A brush with the NHS

It all started with a visit to a barber-shop. I asked the barber if he knew what the persistent ‘scab’ was on my scalp and he suggested a visit to the doctor. Surprisingly, I went. The doc said it was a wart of some kind and proceeded to freeze it with a directional spray gismo. ‘It’ll drop off in a day or so.’ It took a week.

In the meantime he saw that my annual ‘bloods’ were well-overdue and he gave me a chit to arrange a blood test. I have annual liver-function tests following the prescription of statins some years previously. The receptionist at the surgery said that there was a month’s wait for these tests which meant, by their own in-house rules, that I couldn’t be booked in so I determined to go to the local hospital for the tests. Surprisingly, I went.

The blood test requires ‘fasting lipids’ and a few days later I hungrily joined the packed waiting room at Watford General Hospital, took my ticket from the queuing machine and sat down to tackle the ‘Mind Games’ pages of Times 2 – su doku, killer su doku, kakuro, codeword, Times 2 crossword, etc. – and only two hours later I was conducted into a screened cubby-hole where a stout female technician in a dog-eared off-white overall proceeded to try and abstract the required number of phials. As usual she had difficulty – they always have difficulty in running down a compliant vein, go figure – but eventually at around 11am on this Friday morning the test was completed: the four phials full and labelled and I could belatedly go for my morning coffee. Only coffee addicts will understand the importance of this freedom.

At 9am the following Monday my GP (General Practitioner – family medic) rang me at home. I was immediately alerted to bad news: doctors never ring patients, do they? And certainly not at 9am on a Monday morning! And the speed: I had only given the blood seventy hours earlier and the weekend had intervened! When did they do the tests? ‘I want to see you’ was all he said and it was arranged that I would pop-in on Thursday morning. I turned up at the due time and was almost immediately shown in to see the doc. Again, the speed! Almost unheard of, I always have to wait an apparently obligatory ten to twenty minutes or so but not this day.

‘Your PSA is a bit high’ he told me. I knew not what PSA meant and he informed me it was an indicator of problems with the prostate. As a sixty-something male I was not in the least bit surprised to hear this, I thought pretty much all men of my age have prostate problems (I was wrong, it turns out to be about 1 in 6 men). My GP is a man of few words but he said enough for me to ask ‘So, what you’re saying is I have prostate cancer?’ ‘Oh, yes.’ came his casual bombshell of an answer.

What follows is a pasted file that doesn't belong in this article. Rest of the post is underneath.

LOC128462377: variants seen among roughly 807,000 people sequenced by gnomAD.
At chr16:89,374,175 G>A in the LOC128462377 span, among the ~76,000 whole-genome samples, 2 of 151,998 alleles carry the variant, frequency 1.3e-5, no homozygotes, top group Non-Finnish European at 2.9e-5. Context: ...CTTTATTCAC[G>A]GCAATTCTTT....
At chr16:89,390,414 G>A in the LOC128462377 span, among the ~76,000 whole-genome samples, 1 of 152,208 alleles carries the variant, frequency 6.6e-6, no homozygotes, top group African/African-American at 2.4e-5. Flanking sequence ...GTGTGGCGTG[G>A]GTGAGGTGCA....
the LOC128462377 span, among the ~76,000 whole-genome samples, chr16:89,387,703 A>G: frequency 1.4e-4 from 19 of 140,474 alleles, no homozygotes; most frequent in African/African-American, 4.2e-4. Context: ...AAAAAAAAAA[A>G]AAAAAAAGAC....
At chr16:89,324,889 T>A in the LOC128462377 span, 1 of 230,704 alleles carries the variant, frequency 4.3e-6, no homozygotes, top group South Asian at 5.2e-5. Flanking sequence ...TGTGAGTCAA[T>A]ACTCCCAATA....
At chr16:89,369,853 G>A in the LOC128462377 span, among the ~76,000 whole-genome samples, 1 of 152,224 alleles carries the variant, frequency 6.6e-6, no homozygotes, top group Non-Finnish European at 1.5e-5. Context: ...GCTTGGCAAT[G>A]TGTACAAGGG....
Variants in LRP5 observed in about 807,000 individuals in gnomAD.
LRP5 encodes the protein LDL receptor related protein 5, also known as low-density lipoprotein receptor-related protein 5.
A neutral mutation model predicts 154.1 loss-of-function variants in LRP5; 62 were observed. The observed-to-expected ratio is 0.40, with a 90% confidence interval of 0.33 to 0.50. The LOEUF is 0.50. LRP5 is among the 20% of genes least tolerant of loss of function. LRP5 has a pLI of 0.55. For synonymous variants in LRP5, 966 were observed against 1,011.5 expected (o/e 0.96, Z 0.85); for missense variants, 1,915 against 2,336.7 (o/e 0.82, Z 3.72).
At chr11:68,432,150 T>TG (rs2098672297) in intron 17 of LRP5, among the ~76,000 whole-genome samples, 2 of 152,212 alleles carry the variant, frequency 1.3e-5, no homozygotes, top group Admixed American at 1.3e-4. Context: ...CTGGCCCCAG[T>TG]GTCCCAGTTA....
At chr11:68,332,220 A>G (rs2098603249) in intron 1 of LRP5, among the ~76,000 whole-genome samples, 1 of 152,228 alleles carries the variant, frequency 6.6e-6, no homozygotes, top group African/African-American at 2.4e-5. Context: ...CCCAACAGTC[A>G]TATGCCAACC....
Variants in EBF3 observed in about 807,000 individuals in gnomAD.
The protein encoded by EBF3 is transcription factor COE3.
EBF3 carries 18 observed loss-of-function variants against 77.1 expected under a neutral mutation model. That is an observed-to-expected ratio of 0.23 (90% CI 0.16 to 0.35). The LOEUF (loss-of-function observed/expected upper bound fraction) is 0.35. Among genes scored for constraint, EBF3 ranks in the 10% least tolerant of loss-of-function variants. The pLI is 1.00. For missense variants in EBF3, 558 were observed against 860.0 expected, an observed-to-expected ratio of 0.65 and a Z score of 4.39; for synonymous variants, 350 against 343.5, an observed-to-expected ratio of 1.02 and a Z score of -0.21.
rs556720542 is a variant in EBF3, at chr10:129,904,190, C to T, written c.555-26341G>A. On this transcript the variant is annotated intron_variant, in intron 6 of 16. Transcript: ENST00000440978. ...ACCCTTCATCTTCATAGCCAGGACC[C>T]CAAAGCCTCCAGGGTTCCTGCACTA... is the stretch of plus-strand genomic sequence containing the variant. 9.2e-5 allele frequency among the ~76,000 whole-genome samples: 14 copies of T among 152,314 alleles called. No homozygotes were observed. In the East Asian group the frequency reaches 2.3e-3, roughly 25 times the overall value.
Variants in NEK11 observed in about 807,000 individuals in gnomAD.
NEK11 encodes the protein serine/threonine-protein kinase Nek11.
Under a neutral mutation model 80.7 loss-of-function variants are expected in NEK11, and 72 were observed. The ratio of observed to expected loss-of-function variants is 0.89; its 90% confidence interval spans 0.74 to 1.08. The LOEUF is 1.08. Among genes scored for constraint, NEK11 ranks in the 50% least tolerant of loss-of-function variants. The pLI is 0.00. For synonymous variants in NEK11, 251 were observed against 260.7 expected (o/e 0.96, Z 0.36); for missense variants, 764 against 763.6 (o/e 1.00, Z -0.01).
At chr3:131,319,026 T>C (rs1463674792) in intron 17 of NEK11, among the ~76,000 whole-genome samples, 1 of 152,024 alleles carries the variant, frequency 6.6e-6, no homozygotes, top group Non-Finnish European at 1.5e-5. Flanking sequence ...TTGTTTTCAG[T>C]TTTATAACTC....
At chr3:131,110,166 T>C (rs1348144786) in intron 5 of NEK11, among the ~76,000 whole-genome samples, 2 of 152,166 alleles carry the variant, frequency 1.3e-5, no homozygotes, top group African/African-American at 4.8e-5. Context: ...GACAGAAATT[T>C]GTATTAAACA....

PSA stands for Prostate-Specific Antigen and it is a less than accurate test but a good indicator of possible problems. Healthy prostates have negligible PSA-count – less than 1 – my tests had shown a reading of 33. So it was finger up the bum time. Afterwards, stripping the medical gloves from his hands, my GP said the prostate seemed ok, but was a bit ‘gravelly’ as if I might actually appreciate what this assessment meant. He decided to send me for a biopsy. This was arranged for two weeks hence at the urology department of St Albans City Hospital.

At this point I should point out for non-UK residents that all of this comes under the auspices of the NHS – National Health Service – which has become something of a political football over recent years, with multiple reorganisations in attempts to find ever-greater but illusive efficiencies. The invention of the immediate post-war Labour Government, the NHS is THE sacred-cow of UK politics, with the socialists claiming ‘ownership’ and continually employing scare-tactics to suggest that it is not ‘safe’ under any other political administration. But so far so good; the economics of the NHS are fraught with difficulties and changes are bound to happen in the future. The important point to bear in mind here, though, is that the NHS is free at the point of delivery.